Does Little Women challenge or support traditional gender roles? Why?

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The short answer is that it does both; the novel both challenges and supports traditional gender roles. On the one hand, we have Jo March, who is literally described by her sisters Amy and Meg as "boyish." Even Beth admits that Jo is "boyish" and "play[s] brother" to all her sisters. Jo shortens her name, Josephine, to a name that sounds like a boy's, and she even befriends a boy who shortens his name from Theodore Lawrence to Laurie, typically a girl's nickname. Laurie turns out to be the more emotional and romantic of the two, qualities most frequently associated with young women rather than young men, and Jo refuses him when he proposes marriage, though that is not what young ladies are supposed to do when rich and handsome young men propose to them. Instead, Jo strikes out on her own, moving to New York so that she can pursue a career as a writer (while working as a governess to pay the bills). She has intellectual discussions with male students and professors, holding her own in matters of politics and philosophy. She ends up marrying a professor who has no money but a keen intellect and big heart. Her happy ending shows that a woman does not have to fulfill the stereotypical role in order to find happiness. Likewise, Laurie's happy ending shows that a man doesn't have to fulfill the stereotypical male role either (though Laurie does come to embody it more than Jo does the female role).

On the other hand, characters like Meg, Beth, and Amy do seem to fulfill the traditional female gender role to a much greater degree. Meg and Amy both like beautiful things, and they like to be pampered. Beth is angelic, a little homebody who loves all things domestic and really has no desire to leave the house or do anything besides take care of others. These characters do not offer a challenge to tradition, at least not in any way that seems as substantial as Jo's. Meg's attempts to become the perfect housewife sort of backfire when things don't go as planned, and Amy orders Laurie to reform before she will accept him, but these seem minor in comparison even to Jo selling her long hair—cutting it boy-short—to pay for Marmee's trip. Even Beth eventually dies as a result of the disease she contracted while caring for others, a typically female occupation. These characters, with the exception of Beth, have happy endings too, married to the men they love, and so, in this way, the text seems to support the more typical roles.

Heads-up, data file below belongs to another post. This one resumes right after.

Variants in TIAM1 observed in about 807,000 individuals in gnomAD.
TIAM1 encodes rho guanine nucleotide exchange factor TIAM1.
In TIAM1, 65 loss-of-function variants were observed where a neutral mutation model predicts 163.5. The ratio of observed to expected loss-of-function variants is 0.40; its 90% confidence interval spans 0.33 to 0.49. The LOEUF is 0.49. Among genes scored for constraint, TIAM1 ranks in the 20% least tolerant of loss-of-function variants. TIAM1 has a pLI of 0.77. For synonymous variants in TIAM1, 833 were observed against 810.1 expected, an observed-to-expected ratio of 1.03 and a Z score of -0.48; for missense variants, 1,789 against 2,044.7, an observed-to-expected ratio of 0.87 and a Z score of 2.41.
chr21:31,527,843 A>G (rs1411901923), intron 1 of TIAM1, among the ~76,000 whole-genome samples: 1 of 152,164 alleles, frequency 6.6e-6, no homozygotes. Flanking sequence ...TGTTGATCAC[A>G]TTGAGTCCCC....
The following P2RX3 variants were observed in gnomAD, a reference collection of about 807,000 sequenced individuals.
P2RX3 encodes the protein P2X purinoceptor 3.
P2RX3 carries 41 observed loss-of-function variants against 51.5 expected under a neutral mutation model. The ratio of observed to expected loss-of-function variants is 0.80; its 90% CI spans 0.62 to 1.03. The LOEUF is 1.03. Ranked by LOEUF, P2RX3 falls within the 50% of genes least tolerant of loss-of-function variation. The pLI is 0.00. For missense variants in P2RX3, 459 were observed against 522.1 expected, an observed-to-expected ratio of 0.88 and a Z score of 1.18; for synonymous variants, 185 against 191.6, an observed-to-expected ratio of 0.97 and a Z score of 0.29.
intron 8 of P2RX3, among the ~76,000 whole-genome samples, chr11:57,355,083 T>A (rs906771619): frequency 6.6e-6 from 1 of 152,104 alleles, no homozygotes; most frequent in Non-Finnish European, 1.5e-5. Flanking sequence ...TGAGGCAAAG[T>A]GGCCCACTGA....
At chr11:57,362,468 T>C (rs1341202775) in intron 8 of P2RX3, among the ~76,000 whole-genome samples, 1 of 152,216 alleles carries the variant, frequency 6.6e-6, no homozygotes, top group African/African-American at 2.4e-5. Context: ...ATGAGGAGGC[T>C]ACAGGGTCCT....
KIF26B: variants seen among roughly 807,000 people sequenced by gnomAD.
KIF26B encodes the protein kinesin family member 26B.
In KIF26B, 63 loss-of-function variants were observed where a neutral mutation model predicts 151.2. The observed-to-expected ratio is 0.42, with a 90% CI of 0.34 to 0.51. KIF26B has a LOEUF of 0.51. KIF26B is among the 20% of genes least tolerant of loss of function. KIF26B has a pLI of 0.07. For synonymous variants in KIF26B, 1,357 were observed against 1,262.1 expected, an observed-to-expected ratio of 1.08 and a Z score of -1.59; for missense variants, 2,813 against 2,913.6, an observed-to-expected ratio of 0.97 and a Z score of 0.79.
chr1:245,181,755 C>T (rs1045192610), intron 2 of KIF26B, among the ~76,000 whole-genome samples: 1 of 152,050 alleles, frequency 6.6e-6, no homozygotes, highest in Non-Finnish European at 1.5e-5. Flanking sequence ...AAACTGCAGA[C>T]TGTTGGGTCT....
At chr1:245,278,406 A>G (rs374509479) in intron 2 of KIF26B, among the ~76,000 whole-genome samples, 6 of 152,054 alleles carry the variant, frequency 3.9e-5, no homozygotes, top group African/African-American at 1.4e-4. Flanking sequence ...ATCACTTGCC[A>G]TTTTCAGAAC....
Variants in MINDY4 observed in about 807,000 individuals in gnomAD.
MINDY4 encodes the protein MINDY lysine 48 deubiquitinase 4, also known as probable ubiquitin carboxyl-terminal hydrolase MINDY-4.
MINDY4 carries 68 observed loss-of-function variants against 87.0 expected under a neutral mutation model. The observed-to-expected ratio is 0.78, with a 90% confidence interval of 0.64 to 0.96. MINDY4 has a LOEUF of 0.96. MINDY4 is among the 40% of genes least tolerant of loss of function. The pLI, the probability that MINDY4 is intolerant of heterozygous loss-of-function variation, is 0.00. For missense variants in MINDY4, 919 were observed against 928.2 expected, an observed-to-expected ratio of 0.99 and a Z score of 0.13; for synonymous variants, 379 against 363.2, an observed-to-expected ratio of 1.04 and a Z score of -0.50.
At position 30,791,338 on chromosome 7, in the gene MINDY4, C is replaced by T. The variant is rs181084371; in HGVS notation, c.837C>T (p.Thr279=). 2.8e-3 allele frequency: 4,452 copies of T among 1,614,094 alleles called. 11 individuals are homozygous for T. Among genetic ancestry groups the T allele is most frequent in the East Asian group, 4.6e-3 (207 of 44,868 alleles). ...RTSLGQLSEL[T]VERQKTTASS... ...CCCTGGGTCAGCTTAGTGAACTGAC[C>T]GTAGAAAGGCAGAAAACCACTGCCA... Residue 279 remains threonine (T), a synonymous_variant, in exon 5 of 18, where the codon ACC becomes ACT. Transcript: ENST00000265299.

Ultimately, then, Alcott seems to show that women can and should be able to defy the traditional role if they want to. They can embody it, if they so choose, and they ought to be free to deviate from it if they prefer. Why shouldn't a young woman have short hair? Have a career as a writer? Engage in political and philosophical discussions? Alcott shows that women are just as capable as men—I haven't even mentioned how Marmee holds the entire household and many other households in town together in her husband's absence—and should share the same rights as men, without appearing to be too radical.

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